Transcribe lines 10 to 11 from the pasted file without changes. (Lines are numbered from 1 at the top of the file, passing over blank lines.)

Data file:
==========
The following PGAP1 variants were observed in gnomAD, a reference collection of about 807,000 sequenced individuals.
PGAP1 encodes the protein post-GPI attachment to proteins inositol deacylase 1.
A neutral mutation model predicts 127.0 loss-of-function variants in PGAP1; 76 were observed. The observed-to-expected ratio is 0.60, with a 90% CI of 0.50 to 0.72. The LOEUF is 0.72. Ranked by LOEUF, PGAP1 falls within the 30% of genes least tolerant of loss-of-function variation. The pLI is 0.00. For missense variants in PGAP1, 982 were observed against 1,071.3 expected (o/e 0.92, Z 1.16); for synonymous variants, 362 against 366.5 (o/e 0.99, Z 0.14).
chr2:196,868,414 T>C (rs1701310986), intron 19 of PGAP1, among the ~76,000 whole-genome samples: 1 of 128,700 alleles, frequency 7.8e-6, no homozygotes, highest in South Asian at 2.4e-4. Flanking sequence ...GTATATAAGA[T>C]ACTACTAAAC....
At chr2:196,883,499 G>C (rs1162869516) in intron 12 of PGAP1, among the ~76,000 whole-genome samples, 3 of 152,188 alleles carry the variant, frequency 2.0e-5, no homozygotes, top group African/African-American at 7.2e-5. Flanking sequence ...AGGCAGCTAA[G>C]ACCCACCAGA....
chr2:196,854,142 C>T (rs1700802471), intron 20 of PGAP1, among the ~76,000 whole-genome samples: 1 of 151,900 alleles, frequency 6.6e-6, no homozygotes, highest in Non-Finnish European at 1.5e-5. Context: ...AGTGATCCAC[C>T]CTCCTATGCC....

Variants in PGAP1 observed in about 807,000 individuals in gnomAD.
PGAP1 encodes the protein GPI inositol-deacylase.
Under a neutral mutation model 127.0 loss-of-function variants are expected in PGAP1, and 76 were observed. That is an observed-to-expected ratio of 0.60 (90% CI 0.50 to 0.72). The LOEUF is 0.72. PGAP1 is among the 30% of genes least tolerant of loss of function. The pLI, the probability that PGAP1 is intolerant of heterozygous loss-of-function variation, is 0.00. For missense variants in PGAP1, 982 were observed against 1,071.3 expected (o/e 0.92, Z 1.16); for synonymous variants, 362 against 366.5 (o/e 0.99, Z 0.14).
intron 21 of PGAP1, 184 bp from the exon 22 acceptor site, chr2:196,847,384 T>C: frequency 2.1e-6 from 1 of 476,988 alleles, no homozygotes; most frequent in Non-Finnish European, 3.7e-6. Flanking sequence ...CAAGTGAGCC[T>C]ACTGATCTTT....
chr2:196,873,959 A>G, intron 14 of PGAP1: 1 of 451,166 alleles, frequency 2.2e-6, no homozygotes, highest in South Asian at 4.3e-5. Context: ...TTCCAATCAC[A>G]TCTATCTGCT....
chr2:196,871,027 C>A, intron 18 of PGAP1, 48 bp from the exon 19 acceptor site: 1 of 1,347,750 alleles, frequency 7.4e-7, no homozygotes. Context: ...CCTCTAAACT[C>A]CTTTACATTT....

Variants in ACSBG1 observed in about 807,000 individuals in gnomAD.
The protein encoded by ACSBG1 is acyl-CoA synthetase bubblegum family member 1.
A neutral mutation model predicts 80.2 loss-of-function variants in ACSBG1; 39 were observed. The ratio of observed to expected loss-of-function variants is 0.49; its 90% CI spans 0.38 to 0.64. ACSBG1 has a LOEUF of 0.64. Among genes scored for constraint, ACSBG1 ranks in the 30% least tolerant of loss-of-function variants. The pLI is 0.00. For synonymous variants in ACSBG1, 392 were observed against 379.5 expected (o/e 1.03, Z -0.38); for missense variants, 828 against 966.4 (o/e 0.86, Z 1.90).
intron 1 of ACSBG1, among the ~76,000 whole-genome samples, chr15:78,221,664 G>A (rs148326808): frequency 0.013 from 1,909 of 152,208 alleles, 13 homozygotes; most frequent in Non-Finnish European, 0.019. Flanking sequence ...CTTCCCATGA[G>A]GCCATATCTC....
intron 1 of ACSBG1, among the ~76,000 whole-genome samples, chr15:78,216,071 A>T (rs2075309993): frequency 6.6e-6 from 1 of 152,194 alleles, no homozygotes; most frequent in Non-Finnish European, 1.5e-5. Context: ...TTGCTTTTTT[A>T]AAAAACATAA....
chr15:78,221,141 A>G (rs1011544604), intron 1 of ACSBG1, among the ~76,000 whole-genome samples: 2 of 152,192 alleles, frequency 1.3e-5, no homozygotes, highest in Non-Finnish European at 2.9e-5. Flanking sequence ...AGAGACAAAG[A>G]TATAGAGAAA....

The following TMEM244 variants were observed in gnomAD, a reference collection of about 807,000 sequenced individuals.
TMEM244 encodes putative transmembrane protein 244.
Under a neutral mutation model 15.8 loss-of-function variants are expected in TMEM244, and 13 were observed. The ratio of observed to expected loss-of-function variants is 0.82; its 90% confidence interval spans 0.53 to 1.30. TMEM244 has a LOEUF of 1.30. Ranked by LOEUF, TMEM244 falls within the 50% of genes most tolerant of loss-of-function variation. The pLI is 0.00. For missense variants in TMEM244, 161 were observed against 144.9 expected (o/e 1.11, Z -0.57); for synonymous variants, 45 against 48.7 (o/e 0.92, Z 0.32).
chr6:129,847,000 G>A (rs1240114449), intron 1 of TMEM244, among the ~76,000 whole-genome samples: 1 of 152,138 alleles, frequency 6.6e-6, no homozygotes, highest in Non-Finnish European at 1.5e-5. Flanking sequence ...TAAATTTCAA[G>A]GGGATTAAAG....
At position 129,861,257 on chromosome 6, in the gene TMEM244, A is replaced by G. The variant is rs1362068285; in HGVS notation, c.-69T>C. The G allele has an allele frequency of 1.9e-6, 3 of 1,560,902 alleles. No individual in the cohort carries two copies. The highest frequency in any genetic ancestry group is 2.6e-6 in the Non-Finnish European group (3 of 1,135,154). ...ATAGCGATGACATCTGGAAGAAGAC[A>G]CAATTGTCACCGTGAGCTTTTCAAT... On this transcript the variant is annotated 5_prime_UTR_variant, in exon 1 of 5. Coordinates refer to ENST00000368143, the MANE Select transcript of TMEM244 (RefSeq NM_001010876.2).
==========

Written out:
intron 21 of PGAP1, 184 bp from the exon 22 acceptor site, chr2:196,847,384 T>C: frequency 2.1e-6 from 1 of 476,988 alleles, no homozygotes; most frequent in Non-Finnish European, 3.7e-6. Flanking sequence ...CAAGTGAGCC[T>C]ACTGATCTTT....
chr2:196,873,959 A>G, intron 14 of PGAP1: 1 of 451,166 alleles, frequency 2.2e-6, no homozygotes, highest in South Asian at 4.3e-5. Context: ...TTCCAATCAC[A>G]TCTATCTGCT....